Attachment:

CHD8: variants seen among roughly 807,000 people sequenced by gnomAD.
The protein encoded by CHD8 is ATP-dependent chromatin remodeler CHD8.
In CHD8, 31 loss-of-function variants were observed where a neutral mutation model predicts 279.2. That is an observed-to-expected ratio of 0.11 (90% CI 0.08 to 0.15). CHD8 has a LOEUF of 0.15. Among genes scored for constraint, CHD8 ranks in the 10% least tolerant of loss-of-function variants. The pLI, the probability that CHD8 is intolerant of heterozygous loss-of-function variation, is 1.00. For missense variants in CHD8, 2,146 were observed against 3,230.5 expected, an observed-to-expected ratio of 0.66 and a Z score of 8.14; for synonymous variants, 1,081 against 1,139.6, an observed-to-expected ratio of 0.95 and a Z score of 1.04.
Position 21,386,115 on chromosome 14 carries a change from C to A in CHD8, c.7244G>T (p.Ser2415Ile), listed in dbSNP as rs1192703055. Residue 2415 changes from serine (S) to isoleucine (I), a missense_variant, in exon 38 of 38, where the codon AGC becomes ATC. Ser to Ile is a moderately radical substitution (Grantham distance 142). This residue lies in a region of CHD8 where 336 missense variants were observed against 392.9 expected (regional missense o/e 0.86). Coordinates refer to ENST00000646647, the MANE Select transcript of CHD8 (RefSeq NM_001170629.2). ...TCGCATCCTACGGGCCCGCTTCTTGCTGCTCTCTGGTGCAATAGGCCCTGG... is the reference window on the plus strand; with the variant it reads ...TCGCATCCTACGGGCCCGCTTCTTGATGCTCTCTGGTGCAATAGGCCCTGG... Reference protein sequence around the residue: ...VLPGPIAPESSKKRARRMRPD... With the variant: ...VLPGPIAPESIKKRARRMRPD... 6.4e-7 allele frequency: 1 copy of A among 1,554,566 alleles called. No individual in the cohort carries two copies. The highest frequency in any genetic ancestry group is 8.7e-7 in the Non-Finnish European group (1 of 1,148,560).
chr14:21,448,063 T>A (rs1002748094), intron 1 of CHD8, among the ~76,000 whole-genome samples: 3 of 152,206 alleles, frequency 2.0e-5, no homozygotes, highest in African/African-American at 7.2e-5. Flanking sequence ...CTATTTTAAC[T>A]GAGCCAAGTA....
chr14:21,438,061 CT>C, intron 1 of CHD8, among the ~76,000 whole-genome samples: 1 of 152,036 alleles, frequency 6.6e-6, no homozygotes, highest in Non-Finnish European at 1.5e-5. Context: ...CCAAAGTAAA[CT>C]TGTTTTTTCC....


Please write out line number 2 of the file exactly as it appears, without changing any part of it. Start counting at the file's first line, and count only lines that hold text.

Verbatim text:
The protein encoded by CHD8 is ATP-dependent chromatin remodeler CHD8.